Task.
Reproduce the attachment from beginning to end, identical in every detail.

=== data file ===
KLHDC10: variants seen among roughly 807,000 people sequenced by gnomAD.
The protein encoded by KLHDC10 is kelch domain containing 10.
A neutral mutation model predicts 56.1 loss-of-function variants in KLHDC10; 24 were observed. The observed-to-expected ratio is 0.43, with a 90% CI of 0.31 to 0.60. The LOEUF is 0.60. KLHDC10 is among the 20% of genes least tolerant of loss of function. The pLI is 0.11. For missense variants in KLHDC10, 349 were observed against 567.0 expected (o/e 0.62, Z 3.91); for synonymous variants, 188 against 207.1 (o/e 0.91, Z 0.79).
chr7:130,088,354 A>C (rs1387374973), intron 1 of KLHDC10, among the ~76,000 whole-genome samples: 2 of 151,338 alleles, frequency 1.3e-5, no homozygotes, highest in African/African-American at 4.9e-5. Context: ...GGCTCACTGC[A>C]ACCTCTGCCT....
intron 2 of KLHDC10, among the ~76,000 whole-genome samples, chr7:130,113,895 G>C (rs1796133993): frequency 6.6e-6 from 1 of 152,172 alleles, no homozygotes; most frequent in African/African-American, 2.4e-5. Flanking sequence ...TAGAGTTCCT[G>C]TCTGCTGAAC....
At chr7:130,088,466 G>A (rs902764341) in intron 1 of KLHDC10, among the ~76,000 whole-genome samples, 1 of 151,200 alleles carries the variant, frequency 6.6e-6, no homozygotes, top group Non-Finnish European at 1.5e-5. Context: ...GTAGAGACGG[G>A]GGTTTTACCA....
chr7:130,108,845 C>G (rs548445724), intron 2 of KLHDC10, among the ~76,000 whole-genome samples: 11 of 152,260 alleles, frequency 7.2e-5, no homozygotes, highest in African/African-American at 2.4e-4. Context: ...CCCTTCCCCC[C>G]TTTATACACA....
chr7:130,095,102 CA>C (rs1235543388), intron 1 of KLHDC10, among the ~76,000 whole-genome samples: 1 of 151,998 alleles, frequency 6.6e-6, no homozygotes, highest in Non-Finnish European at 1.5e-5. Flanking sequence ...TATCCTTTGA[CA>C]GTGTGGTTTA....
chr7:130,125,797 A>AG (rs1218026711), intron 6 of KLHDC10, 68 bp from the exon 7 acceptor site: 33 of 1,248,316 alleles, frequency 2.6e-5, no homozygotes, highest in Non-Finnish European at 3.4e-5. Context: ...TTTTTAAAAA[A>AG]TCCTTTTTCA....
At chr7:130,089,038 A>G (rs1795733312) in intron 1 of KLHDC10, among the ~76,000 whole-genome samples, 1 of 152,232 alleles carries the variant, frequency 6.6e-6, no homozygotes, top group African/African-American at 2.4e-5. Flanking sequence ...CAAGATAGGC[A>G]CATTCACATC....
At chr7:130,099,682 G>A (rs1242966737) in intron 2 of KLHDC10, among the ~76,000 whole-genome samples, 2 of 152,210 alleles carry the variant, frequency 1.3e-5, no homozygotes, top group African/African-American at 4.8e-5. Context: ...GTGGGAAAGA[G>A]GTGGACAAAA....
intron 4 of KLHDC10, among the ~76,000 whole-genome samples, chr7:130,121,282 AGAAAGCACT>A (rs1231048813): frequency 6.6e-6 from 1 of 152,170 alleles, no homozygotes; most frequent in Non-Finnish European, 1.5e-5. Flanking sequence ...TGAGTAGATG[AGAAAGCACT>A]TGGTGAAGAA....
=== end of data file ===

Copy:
KLHDC10: variants seen among roughly 807,000 people sequenced by gnomAD.
The protein encoded by KLHDC10 is kelch domain containing 10.
A neutral mutation model predicts 56.1 loss-of-function variants in KLHDC10; 24 were observed. The observed-to-expected ratio is 0.43, with a 90% CI of 0.31 to 0.60. The LOEUF is 0.60. KLHDC10 is among the 20% of genes least tolerant of loss of function. The pLI is 0.11. For missense variants in KLHDC10, 349 were observed against 567.0 expected (o/e 0.62, Z 3.91); for synonymous variants, 188 against 207.1 (o/e 0.91, Z 0.79).
chr7:130,088,354 A>C (rs1387374973), intron 1 of KLHDC10, among the ~76,000 whole-genome samples: 2 of 151,338 alleles, frequency 1.3e-5, no homozygotes, highest in African/African-American at 4.9e-5. Context: ...GGCTCACTGC[A>C]ACCTCTGCCT....
intron 2 of KLHDC10, among the ~76,000 whole-genome samples, chr7:130,113,895 G>C (rs1796133993): frequency 6.6e-6 from 1 of 152,172 alleles, no homozygotes; most frequent in African/African-American, 2.4e-5. Flanking sequence ...TAGAGTTCCT[G>C]TCTGCTGAAC....
At chr7:130,088,466 G>A (rs902764341) in intron 1 of KLHDC10, among the ~76,000 whole-genome samples, 1 of 151,200 alleles carries the variant, frequency 6.6e-6, no homozygotes, top group Non-Finnish European at 1.5e-5. Context: ...GTAGAGACGG[G>A]GGTTTTACCA....
chr7:130,108,845 C>G (rs548445724), intron 2 of KLHDC10, among the ~76,000 whole-genome samples: 11 of 152,260 alleles, frequency 7.2e-5, no homozygotes, highest in African/African-American at 2.4e-4. Context: ...CCCTTCCCCC[C>G]TTTATACACA....
chr7:130,095,102 CA>C (rs1235543388), intron 1 of KLHDC10, among the ~76,000 whole-genome samples: 1 of 151,998 alleles, frequency 6.6e-6, no homozygotes, highest in Non-Finnish European at 1.5e-5. Flanking sequence ...TATCCTTTGA[CA>C]GTGTGGTTTA....
chr7:130,125,797 A>AG (rs1218026711), intron 6 of KLHDC10, 68 bp from the exon 7 acceptor site: 33 of 1,248,316 alleles, frequency 2.6e-5, no homozygotes, highest in Non-Finnish European at 3.4e-5. Context: ...TTTTTAAAAA[A>AG]TCCTTTTTCA....
At chr7:130,089,038 A>G (rs1795733312) in intron 1 of KLHDC10, among the ~76,000 whole-genome samples, 1 of 152,232 alleles carries the variant, frequency 6.6e-6, no homozygotes, top group African/African-American at 2.4e-5. Flanking sequence ...CAAGATAGGC[A>G]CATTCACATC....
At chr7:130,099,682 G>A (rs1242966737) in intron 2 of KLHDC10, among the ~76,000 whole-genome samples, 2 of 152,210 alleles carry the variant, frequency 1.3e-5, no homozygotes, top group African/African-American at 4.8e-5. Context: ...GTGGGAAAGA[G>A]GTGGACAAAA....
intron 4 of KLHDC10, among the ~76,000 whole-genome samples, chr7:130,121,282 AGAAAGCACT>A (rs1231048813): frequency 6.6e-6 from 1 of 152,170 alleles, no homozygotes; most frequent in Non-Finnish European, 1.5e-5. Flanking sequence ...TGAGTAGATG[AGAAAGCACT>A]TGGTGAAGAA....